first impressions of an upside-down forest: venice by vaporetto

Venice: the setting of sights that will haunt my daydreams for a long time.

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Not the city that never sleeps (it does), maybe it’s the city that’s never still. Built on the water, Venice sloshes, splashes, seems to breathe. Venice is sinking. Venice has always been improbable.

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The city was built by driving wooden piles, millions of them, deep down into the lagoon. It would be a moat of a city, safe from attackers. On top came a brick and stone base, the setting for the brilliant palaces and wide piazzas of the future. Entombed in mud from 1500 AD, the wood was safe from the deteriorating effects of oxygen and is solid still. This gives rise to the first fairy-tale metaphor: Venice is an upside-down forest.

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On the bottoms of buildings today there is a white crust of salt, souvenir of acqua alta, high water, reminder of the ever-present threat of flooding and the likelihood that Venice will one day be swallowed by the Adriatic Sea.

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When flooding arrives, certainly a matter of when, raised boards are laid down along walkways. Residents don rubber boots. Shopkeepers scramble to move items from low shelves.

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In Venice you must work with the water (and isn’t that always how it goes? Water, at once so innocent and furious. Can’t do without it if we wanted to; hard to change its mind). The casual visitor takes a vaporetto, or water bus, to navigate the Grand Canal. Attendants work quickly, throwing heavy ropes into thick knots on the dock. Attenzione ! Attenzione ! 

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Like a bus or metro, this is a purposeful ride, a no-nonsense means of transport, but I’d like to stay on this boat all day. Everywhere I look is something unusual, impossible, unlikely.

There are two carved hands rising out of the canal. Giant, elegant, they reach for a nearby building. They birth thoughts about what might be lurking under the teal water.

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Small boats dodge each other to make the morning deliveries. One is packed full with potted white lilies. Another holds orange soda and bottled water. In another–perhaps destined for a market somewhere–delicate green herbs.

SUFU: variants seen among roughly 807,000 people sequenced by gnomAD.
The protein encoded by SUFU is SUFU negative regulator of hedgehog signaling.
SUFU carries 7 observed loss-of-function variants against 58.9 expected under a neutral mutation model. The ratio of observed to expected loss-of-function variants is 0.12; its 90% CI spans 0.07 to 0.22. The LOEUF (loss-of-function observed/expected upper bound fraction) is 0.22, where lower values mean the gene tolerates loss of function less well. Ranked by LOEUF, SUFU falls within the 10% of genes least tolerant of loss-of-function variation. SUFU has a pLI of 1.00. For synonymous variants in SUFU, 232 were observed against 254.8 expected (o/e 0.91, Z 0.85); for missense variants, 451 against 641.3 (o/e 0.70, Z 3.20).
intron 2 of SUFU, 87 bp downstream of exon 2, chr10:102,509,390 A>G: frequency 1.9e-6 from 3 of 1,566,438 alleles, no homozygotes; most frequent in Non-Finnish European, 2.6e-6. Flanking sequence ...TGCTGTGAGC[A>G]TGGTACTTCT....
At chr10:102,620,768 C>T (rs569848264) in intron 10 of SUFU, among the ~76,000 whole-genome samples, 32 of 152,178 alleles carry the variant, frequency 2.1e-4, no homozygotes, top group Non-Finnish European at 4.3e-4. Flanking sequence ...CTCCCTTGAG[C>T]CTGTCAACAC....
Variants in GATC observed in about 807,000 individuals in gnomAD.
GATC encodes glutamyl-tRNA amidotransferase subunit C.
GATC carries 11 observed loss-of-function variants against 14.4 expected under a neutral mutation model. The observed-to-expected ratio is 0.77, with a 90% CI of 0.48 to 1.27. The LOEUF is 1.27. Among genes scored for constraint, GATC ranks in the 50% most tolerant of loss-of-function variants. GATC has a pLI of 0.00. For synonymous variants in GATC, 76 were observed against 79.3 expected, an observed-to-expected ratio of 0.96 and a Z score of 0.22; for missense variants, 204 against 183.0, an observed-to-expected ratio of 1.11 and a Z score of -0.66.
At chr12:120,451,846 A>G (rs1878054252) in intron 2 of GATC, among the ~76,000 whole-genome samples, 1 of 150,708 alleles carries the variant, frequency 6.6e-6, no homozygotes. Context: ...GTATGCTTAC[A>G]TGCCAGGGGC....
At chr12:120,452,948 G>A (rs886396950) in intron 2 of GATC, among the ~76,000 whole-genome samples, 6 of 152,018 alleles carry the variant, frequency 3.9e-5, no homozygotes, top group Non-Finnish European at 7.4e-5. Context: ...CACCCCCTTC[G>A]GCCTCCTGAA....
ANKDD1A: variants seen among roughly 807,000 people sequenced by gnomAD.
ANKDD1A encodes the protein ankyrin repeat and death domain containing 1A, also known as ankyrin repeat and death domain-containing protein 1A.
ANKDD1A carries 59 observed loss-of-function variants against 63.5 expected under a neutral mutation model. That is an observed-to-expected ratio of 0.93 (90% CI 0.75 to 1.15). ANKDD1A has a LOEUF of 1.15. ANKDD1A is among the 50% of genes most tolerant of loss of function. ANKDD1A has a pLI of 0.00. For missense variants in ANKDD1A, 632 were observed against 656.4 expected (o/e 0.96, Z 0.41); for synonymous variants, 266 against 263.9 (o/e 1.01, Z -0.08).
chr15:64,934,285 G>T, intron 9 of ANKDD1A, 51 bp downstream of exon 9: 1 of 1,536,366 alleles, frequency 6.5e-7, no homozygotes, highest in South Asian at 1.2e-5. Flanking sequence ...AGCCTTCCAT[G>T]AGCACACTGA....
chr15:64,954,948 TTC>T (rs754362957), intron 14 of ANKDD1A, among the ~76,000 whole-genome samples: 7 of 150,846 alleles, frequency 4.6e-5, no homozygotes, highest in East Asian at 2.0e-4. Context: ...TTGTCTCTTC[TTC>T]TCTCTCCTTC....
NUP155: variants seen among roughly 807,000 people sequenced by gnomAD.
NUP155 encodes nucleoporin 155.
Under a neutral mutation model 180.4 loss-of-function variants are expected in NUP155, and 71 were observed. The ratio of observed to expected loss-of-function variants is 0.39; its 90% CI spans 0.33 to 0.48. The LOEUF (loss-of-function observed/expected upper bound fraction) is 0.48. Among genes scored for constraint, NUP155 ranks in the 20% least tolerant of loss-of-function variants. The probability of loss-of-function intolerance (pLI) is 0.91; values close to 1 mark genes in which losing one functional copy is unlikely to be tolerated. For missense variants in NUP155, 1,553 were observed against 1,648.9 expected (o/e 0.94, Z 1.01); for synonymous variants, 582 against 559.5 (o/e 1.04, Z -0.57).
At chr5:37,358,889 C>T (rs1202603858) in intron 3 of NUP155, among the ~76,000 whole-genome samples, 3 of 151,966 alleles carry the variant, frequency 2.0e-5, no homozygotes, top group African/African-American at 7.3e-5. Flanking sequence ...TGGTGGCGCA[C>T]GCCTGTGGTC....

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I glimpse a rose garden overlooking the water, walls of crumbling brick, just space enough for the two wrought iron chairs filled by two friends having breakfast.

There is a couple, elegantly dressed, stepping gingerly from their hotel directly into a boat. He extends his hand, she brushes off her pantsuit, they are off somewhere.

There is the sudden spectacle–could this ever be prosaic?–of an isolated church rising from the lagoon, its own island.

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low-key glamour: monaco in an afternoon

Monaco is home of the eponymous Grand Prix, the belle-époque Monte Carlo casino, scores of luxury yachts, and–let’s not forget– actual royalty.

Despite the evident glamour, I’ve always found a visit to the second-smallest country in the world surprisingly low-key.

It’s the natural beauty that catches my eye: the hardy Mediterranean flowers and cacti clinging to cliffs, the clouds that drift across the mountains, the views that leave you hard-pressed to identify where the sea ends and the sky begins. The setting lends a wild charm to the rows of shining white yachts and the clusters of buildings.

In case you were wondering, Monaco feels just like France. Though Monégasque is a recognized language, spoken by some residents and appearing on the occasional street sign, Monaco doesn’t give the casual visitor the same jolt of newness as when crossing the border from Menton to Ventimiglia, Italy.

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There’s not a ton to do here, so don’t come expecting art museums or a wealth of hip cafés. Rather, be prepared to walk, as Monaco is best explored on foot. In my opinion, Monaco offers one of the most beautiful walks on the French Riviera, and one of the best places to watch the sun set. You don’t even have to plan ahead or bring a backpack–just maybe don’t wear heels. (To capitalize on the country’s glitzy image, visitors often dress up in their trendiest outfits to take pictures with the view from Monaco-Ville, the old section of town that sits on a rocky cliff jutting into the sea. A great photo op, but what you don’t see is the way they have to sidestep down the steep hill in stilettos).